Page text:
Dandelions and Approaches

by Prof. Carl J. George


Mission: using watercolor, ink, pencil, dissecting scope, dissecting instruments and whole flowering plants which you have collected to transform a plant called by many an obnoxious lawn weed into a delightful and informing companion!

Observations and Thinking

Collect the long tap-root penetrating deeply into the soil giving the plant access to water when many shallow-rooted plants may be stressed for lack of water.

Examine the array of leaves, with lion-like margin of teeth, called the ‘basal rosette’, demonstrating ‘chirality’, i.e. the array forming a left-hand or right-handed spiral each leaf rotated some 137.5° from the prior leaf. What is the ratio of 137.5° to 222.5°? What is the significance of this ratio?

Observe the hundreds of small flowers or florets perched on the dilated stem tip called the receptacle. Note how the florets change in form from the margin of the flower as you observe more centrally. Are the yellow ‘tongues’ that you are seeing petals or otherwise? Use of the dissecting scope can be helpful here. Note also that the florets are arranged in major (more numerous florets) and minor (less numerous florets) spirals.

Testing your patience, count the number of major and minor spirals. If you have done well and the plant has cooperated you will arrive at a Fibonacci number, i.e. 1, 2, 3, 5, 8, 13, 21, 34, 55 etc. Again chirality is shown with some plants having the major spirals turning left while other plants show the major spirals turning to the right. Who was Fibonacci of Pisa and what major contribution did he make to the Western World in 1202?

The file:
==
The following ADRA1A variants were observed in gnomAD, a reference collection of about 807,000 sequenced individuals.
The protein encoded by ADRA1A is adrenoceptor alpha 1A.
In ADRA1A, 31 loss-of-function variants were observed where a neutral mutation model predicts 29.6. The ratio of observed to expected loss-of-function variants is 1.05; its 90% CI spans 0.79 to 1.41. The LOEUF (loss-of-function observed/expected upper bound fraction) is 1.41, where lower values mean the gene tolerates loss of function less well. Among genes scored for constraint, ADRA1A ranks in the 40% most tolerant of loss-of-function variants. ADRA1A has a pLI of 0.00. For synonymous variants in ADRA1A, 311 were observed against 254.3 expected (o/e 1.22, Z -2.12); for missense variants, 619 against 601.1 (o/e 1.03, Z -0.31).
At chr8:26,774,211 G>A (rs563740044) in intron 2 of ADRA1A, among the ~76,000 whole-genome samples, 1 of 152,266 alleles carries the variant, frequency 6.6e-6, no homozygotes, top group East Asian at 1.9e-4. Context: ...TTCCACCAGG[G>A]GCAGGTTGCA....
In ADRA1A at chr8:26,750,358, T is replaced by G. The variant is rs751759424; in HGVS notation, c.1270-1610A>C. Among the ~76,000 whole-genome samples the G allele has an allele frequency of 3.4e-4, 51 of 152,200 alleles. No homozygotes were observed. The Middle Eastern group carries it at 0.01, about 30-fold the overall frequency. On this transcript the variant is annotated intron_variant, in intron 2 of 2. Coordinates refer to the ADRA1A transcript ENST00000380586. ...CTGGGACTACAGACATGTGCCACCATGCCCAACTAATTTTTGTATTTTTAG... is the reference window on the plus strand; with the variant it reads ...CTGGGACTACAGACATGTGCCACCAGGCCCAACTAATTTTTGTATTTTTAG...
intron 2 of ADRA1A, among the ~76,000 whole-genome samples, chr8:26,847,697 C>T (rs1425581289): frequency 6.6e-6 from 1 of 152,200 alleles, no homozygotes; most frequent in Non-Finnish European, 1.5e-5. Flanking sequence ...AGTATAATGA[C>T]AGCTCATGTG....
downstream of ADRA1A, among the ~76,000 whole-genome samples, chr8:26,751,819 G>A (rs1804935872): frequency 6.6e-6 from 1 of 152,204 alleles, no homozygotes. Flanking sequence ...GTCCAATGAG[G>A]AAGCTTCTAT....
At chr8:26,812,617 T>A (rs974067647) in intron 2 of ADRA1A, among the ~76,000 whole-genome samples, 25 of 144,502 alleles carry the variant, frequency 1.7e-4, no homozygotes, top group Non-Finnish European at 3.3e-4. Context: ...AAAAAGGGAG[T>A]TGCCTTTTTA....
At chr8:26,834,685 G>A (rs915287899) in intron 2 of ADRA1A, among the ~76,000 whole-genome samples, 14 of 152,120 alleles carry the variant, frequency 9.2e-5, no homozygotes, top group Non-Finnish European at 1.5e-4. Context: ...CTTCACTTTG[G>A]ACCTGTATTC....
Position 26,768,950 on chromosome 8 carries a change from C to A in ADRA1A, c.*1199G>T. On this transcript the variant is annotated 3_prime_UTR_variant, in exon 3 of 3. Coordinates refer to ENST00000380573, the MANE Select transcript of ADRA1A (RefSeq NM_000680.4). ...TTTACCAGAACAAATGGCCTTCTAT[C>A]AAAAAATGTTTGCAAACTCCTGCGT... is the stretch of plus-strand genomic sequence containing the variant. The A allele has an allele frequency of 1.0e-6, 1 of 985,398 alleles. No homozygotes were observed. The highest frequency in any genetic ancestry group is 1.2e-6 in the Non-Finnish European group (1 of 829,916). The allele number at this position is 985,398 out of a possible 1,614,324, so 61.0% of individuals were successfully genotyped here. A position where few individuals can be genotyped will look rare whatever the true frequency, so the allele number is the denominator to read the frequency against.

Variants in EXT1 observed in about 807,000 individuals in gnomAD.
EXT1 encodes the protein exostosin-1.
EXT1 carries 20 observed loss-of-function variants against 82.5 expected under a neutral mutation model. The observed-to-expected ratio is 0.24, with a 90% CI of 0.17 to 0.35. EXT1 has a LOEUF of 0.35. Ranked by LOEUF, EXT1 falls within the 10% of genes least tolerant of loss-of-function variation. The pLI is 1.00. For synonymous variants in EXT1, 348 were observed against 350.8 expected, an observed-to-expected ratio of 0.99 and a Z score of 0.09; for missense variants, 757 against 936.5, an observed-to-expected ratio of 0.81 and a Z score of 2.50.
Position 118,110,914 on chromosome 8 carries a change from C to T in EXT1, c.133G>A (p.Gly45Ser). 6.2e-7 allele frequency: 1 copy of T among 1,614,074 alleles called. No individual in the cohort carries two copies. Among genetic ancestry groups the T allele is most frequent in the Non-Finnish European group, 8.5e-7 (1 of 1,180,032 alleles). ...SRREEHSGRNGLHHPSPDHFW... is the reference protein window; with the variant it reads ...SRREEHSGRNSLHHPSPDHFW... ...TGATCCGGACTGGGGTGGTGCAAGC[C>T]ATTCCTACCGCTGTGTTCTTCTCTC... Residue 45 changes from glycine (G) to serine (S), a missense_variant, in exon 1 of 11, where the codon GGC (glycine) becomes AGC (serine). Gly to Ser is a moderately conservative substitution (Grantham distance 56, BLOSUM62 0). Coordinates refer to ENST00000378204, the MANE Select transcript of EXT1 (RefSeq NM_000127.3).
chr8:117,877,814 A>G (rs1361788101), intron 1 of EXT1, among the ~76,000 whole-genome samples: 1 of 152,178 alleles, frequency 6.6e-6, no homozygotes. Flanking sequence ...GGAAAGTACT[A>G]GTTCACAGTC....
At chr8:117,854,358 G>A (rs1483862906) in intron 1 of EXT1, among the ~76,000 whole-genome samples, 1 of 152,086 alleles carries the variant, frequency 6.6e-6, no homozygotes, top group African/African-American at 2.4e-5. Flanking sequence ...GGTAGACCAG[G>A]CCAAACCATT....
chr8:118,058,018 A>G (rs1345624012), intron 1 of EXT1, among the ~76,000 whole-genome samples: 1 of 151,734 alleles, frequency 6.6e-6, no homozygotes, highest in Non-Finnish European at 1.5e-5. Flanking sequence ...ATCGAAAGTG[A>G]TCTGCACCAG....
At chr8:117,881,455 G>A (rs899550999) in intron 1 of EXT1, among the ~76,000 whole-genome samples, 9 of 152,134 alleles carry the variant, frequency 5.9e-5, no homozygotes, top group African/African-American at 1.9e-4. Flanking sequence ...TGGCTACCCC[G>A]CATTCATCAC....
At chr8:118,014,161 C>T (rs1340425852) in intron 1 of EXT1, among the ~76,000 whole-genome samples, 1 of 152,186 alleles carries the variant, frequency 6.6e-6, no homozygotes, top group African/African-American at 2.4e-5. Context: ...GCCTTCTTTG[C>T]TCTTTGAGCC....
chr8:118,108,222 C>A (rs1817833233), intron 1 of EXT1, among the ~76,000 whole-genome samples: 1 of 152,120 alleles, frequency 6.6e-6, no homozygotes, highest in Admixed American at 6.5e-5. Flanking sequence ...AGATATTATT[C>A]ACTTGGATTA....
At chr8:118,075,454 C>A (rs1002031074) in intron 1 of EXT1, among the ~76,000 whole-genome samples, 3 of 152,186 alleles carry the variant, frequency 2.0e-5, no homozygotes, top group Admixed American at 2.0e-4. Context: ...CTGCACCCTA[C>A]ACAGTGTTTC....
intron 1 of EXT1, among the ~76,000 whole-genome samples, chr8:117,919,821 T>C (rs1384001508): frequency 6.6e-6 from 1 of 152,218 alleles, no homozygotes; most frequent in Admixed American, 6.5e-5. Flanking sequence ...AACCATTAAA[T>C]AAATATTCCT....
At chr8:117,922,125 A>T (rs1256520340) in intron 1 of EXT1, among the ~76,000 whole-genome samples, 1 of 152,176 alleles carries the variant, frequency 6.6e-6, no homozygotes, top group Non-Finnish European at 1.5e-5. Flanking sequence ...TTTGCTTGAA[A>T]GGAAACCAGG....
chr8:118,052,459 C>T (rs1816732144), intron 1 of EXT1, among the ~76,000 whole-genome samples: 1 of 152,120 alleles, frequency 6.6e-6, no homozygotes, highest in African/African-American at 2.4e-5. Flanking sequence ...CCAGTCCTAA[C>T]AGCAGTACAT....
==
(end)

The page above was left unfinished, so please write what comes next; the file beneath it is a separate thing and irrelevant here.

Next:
Select any two numbers and add them as is done in the Fibonacci series to make ten additions. Now take the last number in your series and divide it by the next to last number in your series to establish a proportion. Strange! This is the Divine Proportion as used by hundreds of different graphic artists in their paintings, sculpture, pottery and other fine works. Think of Phidias and our current use of the Greek Letter Phi for the ratio. Realize as well that the application of the ratio by plants in photosynthesis helps to feed the living world more efficiently. Can you explain this?

Now examine the florets closely, again using the scope dissecting them with teasing needles to best see their structure. Can you find the anthers of the five stamens forming a tube through which the pistil rises? At the base of this array find the pappus which become the ‘parachute’ that can carry the seed (achene) miles away in a brisk wind. If the mature fruiting heads are available enjoy their exquisite structure using the scope. Despite the presence of the needed apparatus, as you have seen, remarkably many dandelion plants escape sexual intercourse by means of ‘apomixis’. Look the word up.

Illustrative Mission

Illustrate the above ideas toward teaching your observers about the origin of the Latin name, adaptive value of tap roots, ‘division of labor’ by various florets, chirality, the golden section and transformation of calyx or pappus into aeronautical beauty- toward convincing them that the common dandelion, Taraxcum officinale, can spangle your lawn rather than strangle it. Many great artists have found delight in this wondrous plant AND you can also use the leaves as a nutritious addition to your salads.


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